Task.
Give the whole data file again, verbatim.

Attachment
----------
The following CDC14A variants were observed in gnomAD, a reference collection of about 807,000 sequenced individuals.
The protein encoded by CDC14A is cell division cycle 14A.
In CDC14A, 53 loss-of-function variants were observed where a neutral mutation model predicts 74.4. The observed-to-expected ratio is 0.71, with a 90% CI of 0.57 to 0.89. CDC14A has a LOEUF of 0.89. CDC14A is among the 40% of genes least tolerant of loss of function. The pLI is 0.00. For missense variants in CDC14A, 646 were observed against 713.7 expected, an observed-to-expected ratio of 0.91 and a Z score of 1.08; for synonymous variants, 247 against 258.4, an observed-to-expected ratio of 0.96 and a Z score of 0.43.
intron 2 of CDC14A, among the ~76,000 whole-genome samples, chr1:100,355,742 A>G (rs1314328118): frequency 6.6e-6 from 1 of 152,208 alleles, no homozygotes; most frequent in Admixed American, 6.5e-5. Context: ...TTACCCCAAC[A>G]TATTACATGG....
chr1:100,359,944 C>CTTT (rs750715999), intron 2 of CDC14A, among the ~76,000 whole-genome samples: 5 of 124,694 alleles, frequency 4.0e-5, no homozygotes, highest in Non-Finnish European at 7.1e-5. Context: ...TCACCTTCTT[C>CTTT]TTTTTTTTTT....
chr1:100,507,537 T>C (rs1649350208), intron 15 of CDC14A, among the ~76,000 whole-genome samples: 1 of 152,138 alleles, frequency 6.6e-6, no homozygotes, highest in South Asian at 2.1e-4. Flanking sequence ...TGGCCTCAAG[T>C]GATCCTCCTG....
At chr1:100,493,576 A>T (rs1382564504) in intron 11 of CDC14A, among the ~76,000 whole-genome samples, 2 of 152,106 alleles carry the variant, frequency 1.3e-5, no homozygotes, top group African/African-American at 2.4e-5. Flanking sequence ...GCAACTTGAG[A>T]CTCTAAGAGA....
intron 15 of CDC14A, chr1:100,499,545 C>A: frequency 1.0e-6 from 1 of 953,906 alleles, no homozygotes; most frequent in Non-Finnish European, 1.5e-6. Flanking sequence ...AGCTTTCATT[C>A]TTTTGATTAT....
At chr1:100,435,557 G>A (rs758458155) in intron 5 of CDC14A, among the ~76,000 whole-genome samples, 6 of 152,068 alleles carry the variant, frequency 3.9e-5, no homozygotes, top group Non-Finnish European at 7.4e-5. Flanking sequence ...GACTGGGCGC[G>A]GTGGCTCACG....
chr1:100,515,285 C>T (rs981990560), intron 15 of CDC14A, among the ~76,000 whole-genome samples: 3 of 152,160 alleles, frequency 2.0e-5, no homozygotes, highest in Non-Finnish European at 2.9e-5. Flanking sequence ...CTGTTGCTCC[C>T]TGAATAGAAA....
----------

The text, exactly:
The following CDC14A variants were observed in gnomAD, a reference collection of about 807,000 sequenced individuals.
The protein encoded by CDC14A is cell division cycle 14A.
In CDC14A, 53 loss-of-function variants were observed where a neutral mutation model predicts 74.4. The observed-to-expected ratio is 0.71, with a 90% CI of 0.57 to 0.89. CDC14A has a LOEUF of 0.89. CDC14A is among the 40% of genes least tolerant of loss of function. The pLI is 0.00. For missense variants in CDC14A, 646 were observed against 713.7 expected, an observed-to-expected ratio of 0.91 and a Z score of 1.08; for synonymous variants, 247 against 258.4, an observed-to-expected ratio of 0.96 and a Z score of 0.43.
intron 2 of CDC14A, among the ~76,000 whole-genome samples, chr1:100,355,742 A>G (rs1314328118): frequency 6.6e-6 from 1 of 152,208 alleles, no homozygotes; most frequent in Admixed American, 6.5e-5. Context: ...TTACCCCAAC[A>G]TATTACATGG....
chr1:100,359,944 C>CTTT (rs750715999), intron 2 of CDC14A, among the ~76,000 whole-genome samples: 5 of 124,694 alleles, frequency 4.0e-5, no homozygotes, highest in Non-Finnish European at 7.1e-5. Context: ...TCACCTTCTT[C>CTTT]TTTTTTTTTT....
chr1:100,507,537 T>C (rs1649350208), intron 15 of CDC14A, among the ~76,000 whole-genome samples: 1 of 152,138 alleles, frequency 6.6e-6, no homozygotes, highest in South Asian at 2.1e-4. Flanking sequence ...TGGCCTCAAG[T>C]GATCCTCCTG....
At chr1:100,493,576 A>T (rs1382564504) in intron 11 of CDC14A, among the ~76,000 whole-genome samples, 2 of 152,106 alleles carry the variant, frequency 1.3e-5, no homozygotes, top group African/African-American at 2.4e-5. Flanking sequence ...GCAACTTGAG[A>T]CTCTAAGAGA....
intron 15 of CDC14A, chr1:100,499,545 C>A: frequency 1.0e-6 from 1 of 953,906 alleles, no homozygotes; most frequent in Non-Finnish European, 1.5e-6. Flanking sequence ...AGCTTTCATT[C>A]TTTTGATTAT....
At chr1:100,435,557 G>A (rs758458155) in intron 5 of CDC14A, among the ~76,000 whole-genome samples, 6 of 152,068 alleles carry the variant, frequency 3.9e-5, no homozygotes, top group Non-Finnish European at 7.4e-5. Flanking sequence ...GACTGGGCGC[G>A]GTGGCTCACG....
chr1:100,515,285 C>T (rs981990560), intron 15 of CDC14A, among the ~76,000 whole-genome samples: 3 of 152,160 alleles, frequency 2.0e-5, no homozygotes, highest in Non-Finnish European at 2.9e-5. Flanking sequence ...CTGTTGCTCC[C>T]TGAATAGAAA....